A church-run care center for children in Kratie province where police say three girls were sexually assaulted by the director’s husband is set to reopen within days under the same management, church officials said Tuesday.
The pentecostal Foursquare Church in Chhlong district’s Chhlong commune, run by Nav Saihou, 32, serves as a care center for about 10 children, who stay at the church between classes at a nearby school and sleep there overnight.
According to provincial police, Ms. Saihou left her husband, Nor Thy, 37, in charge of the church while she traveled to Sambor district for training in early September. During her absence, Mr. Thy molested and attempted to rape three girls aged between 10 and 12, police said.
Mr. Thy is wanted for arrest and remains on the run.
Foursquare Cambodia administrator Pow Naret said the church in Chhlong commune would reopen no later than November 1, with Ms. Saihou as director until the church can find her a new position.
“We plan to move her to another church, because she no longer has a good name in this area,” Mr. Naret said, adding that he did not believe it was necessary to fire her because her husband committed the alleged abuse without her knowledge.
The U.S.-based International Church of the Foursquare Gospel operates 99 institutions it refers to as “church orphan homes” throughout Cambodia. The director of Foursquare Cambodia, Ted Olbrich, said in a 2010 interview with Georgetown University’s Berkley Center for Religion, Peace and World Affairs that the church avoided sexual threats to children by putting older women in charge of them.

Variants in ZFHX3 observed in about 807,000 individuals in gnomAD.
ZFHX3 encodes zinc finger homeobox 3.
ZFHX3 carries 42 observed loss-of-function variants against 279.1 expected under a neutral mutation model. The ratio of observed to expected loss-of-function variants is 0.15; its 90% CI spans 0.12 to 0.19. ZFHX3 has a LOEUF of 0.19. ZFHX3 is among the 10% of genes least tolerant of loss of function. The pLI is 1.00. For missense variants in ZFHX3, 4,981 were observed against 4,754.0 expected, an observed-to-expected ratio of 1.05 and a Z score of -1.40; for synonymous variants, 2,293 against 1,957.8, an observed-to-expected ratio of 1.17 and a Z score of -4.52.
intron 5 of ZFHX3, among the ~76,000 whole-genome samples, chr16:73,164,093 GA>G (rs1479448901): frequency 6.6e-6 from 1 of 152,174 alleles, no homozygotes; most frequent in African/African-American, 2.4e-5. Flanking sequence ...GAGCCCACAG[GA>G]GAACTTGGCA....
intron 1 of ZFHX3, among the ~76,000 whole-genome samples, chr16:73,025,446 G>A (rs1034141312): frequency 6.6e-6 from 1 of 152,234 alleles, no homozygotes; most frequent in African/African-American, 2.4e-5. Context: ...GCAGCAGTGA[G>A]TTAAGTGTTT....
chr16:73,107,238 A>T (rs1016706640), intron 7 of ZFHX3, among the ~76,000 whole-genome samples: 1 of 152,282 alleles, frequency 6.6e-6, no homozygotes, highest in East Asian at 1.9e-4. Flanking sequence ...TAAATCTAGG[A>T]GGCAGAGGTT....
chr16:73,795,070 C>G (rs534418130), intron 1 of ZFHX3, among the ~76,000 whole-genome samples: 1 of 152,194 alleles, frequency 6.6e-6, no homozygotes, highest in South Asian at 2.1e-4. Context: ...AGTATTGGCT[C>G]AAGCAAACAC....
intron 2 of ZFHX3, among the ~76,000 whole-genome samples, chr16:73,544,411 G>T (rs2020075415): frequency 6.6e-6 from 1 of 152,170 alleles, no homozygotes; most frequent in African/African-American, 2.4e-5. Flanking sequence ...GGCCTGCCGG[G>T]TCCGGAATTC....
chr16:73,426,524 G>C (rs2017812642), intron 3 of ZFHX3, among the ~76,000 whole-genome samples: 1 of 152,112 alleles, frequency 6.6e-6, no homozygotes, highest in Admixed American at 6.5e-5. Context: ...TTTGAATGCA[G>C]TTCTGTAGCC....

“We don’t have all the problems with pedophilia that secular NGOs or even other churches have because we have a bunch of grannies taking care of them,” Mr. Olbrich said.
Mr. Naret admitted Tuesday that the church knew that Mr. Thy had been involved in caring for children at the center his wife was running, but that going forward, children at the Foursquare homes would only be left with female employees.
“The solution we have is in the future we will keep one woman in the church at all times, not leave a man with the kids,” Mr. Naret said.
Although Foursquare’s churches double as child care centers, many of them are not registered as such with the Ministry of Social Affairs.
Oum Sophannara, director of child welfare for the Social Affairs Ministry, said that he was aware of the case in Chhlong commune but that because the church was not officially an orphanage he was under no obligation to inspect it.
“We do not inspect community-based centers. Police investigate those cases and the police are working on this,” he said.
“There are a lot of problems with no proper care, and [community care centers] not meeting standards,” Mr. Sophannara added. He said a meeting is scheduled for next month between provincial social affairs officials and provincial cults and religion officials to determine who is responsible for overseeing the centers.
Provincial social affairs director To Dong said he had already investigated the alleged abuse but could not take punitive action because the church is registered with the Ministry of Cults and Religion.
“Whether or not the church will keep operating or close down will depend on [the meeting] next month,” he said.